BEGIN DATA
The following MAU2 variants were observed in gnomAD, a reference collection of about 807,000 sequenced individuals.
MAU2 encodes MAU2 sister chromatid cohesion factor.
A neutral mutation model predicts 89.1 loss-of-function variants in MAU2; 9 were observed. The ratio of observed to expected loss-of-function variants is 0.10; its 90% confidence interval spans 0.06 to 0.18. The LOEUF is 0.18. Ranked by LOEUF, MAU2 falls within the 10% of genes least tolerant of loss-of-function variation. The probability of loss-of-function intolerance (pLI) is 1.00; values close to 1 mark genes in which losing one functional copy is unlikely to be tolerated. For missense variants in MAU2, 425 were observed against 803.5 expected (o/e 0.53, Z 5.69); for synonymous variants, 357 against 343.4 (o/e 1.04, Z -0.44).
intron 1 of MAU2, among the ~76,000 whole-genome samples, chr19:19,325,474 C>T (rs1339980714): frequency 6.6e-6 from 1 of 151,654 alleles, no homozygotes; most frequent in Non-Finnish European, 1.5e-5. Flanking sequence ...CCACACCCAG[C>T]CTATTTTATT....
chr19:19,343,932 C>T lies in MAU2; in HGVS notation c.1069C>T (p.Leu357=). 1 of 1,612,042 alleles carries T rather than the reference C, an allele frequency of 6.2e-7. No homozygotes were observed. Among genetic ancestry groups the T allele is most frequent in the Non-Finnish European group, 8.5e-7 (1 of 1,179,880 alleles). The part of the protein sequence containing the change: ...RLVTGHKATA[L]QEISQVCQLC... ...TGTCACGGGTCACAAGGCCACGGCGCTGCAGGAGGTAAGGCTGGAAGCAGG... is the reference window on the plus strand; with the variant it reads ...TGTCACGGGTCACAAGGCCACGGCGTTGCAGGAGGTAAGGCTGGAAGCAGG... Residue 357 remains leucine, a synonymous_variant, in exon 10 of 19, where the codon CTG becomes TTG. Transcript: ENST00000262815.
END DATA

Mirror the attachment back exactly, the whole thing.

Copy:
The following MAU2 variants were observed in gnomAD, a reference collection of about 807,000 sequenced individuals.
MAU2 encodes MAU2 sister chromatid cohesion factor.
A neutral mutation model predicts 89.1 loss-of-function variants in MAU2; 9 were observed. The ratio of observed to expected loss-of-function variants is 0.10; its 90% confidence interval spans 0.06 to 0.18. The LOEUF is 0.18. Ranked by LOEUF, MAU2 falls within the 10% of genes least tolerant of loss-of-function variation. The probability of loss-of-function intolerance (pLI) is 1.00; values close to 1 mark genes in which losing one functional copy is unlikely to be tolerated. For missense variants in MAU2, 425 were observed against 803.5 expected (o/e 0.53, Z 5.69); for synonymous variants, 357 against 343.4 (o/e 1.04, Z -0.44).
intron 1 of MAU2, among the ~76,000 whole-genome samples, chr19:19,325,474 C>T (rs1339980714): frequency 6.6e-6 from 1 of 151,654 alleles, no homozygotes; most frequent in Non-Finnish European, 1.5e-5. Flanking sequence ...CCACACCCAG[C>T]CTATTTTATT....
chr19:19,343,932 C>T lies in MAU2; in HGVS notation c.1069C>T (p.Leu357=). 1 of 1,612,042 alleles carries T rather than the reference C, an allele frequency of 6.2e-7. No homozygotes were observed. Among genetic ancestry groups the T allele is most frequent in the Non-Finnish European group, 8.5e-7 (1 of 1,179,880 alleles). The part of the protein sequence containing the change: ...RLVTGHKATA[L]QEISQVCQLC... ...TGTCACGGGTCACAAGGCCACGGCGCTGCAGGAGGTAAGGCTGGAAGCAGG... is the reference window on the plus strand; with the variant it reads ...TGTCACGGGTCACAAGGCCACGGCGTTGCAGGAGGTAAGGCTGGAAGCAGG... Residue 357 remains leucine, a synonymous_variant, in exon 10 of 19, where the codon CTG becomes TTG. Transcript: ENST00000262815.